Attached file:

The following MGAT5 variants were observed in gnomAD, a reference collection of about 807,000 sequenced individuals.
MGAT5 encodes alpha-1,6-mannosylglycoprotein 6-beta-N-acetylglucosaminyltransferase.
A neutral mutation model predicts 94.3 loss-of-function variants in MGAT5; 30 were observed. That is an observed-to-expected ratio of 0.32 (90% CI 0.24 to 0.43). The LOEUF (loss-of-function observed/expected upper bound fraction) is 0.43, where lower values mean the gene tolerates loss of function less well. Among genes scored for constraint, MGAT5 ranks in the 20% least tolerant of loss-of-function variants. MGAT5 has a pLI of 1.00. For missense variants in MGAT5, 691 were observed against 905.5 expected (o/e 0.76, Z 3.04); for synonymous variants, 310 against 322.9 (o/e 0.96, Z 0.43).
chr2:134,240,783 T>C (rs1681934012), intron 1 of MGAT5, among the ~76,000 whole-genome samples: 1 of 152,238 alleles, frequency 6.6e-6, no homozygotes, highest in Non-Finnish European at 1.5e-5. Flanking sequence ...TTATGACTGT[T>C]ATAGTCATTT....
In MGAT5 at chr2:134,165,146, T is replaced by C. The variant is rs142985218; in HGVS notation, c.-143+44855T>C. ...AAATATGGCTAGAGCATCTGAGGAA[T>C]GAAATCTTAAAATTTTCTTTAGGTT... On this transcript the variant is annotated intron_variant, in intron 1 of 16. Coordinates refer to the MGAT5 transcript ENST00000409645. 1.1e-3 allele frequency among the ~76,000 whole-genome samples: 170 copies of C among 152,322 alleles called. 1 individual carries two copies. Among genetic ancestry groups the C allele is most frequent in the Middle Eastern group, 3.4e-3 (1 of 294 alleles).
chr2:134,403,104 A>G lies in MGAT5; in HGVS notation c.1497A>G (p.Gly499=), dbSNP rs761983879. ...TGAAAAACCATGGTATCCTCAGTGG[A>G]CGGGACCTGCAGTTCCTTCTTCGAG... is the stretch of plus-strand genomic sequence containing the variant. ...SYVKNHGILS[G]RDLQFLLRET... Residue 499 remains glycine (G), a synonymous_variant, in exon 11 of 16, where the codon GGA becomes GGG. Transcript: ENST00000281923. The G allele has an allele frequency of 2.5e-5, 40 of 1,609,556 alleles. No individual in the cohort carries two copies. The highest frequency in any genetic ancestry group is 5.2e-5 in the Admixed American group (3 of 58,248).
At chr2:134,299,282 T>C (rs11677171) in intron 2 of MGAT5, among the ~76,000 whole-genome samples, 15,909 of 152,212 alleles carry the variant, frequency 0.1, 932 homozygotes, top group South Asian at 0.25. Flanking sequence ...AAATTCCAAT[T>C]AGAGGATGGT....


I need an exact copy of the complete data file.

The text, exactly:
The following MGAT5 variants were observed in gnomAD, a reference collection of about 807,000 sequenced individuals.
MGAT5 encodes alpha-1,6-mannosylglycoprotein 6-beta-N-acetylglucosaminyltransferase.
A neutral mutation model predicts 94.3 loss-of-function variants in MGAT5; 30 were observed. That is an observed-to-expected ratio of 0.32 (90% CI 0.24 to 0.43). The LOEUF (loss-of-function observed/expected upper bound fraction) is 0.43, where lower values mean the gene tolerates loss of function less well. Among genes scored for constraint, MGAT5 ranks in the 20% least tolerant of loss-of-function variants. MGAT5 has a pLI of 1.00. For missense variants in MGAT5, 691 were observed against 905.5 expected (o/e 0.76, Z 3.04); for synonymous variants, 310 against 322.9 (o/e 0.96, Z 0.43).
chr2:134,240,783 T>C (rs1681934012), intron 1 of MGAT5, among the ~76,000 whole-genome samples: 1 of 152,238 alleles, frequency 6.6e-6, no homozygotes, highest in Non-Finnish European at 1.5e-5. Flanking sequence ...TTATGACTGT[T>C]ATAGTCATTT....
In MGAT5 at chr2:134,165,146, T is replaced by C. The variant is rs142985218; in HGVS notation, c.-143+44855T>C. ...AAATATGGCTAGAGCATCTGAGGAA[T>C]GAAATCTTAAAATTTTCTTTAGGTT... On this transcript the variant is annotated intron_variant, in intron 1 of 16. Coordinates refer to the MGAT5 transcript ENST00000409645. 1.1e-3 allele frequency among the ~76,000 whole-genome samples: 170 copies of C among 152,322 alleles called. 1 individual carries two copies. Among genetic ancestry groups the C allele is most frequent in the Middle Eastern group, 3.4e-3 (1 of 294 alleles).
chr2:134,403,104 A>G lies in MGAT5; in HGVS notation c.1497A>G (p.Gly499=), dbSNP rs761983879. ...TGAAAAACCATGGTATCCTCAGTGG[A>G]CGGGACCTGCAGTTCCTTCTTCGAG... is the stretch of plus-strand genomic sequence containing the variant. ...SYVKNHGILS[G]RDLQFLLRET... Residue 499 remains glycine (G), a synonymous_variant, in exon 11 of 16, where the codon GGA becomes GGG. Transcript: ENST00000281923. The G allele has an allele frequency of 2.5e-5, 40 of 1,609,556 alleles. No individual in the cohort carries two copies. The highest frequency in any genetic ancestry group is 5.2e-5 in the Admixed American group (3 of 58,248).
At chr2:134,299,282 T>C (rs11677171) in intron 2 of MGAT5, among the ~76,000 whole-genome samples, 15,909 of 152,212 alleles carry the variant, frequency 0.1, 932 homozygotes, top group South Asian at 0.25. Flanking sequence ...AAATTCCAAT[T>C]AGAGGATGGT....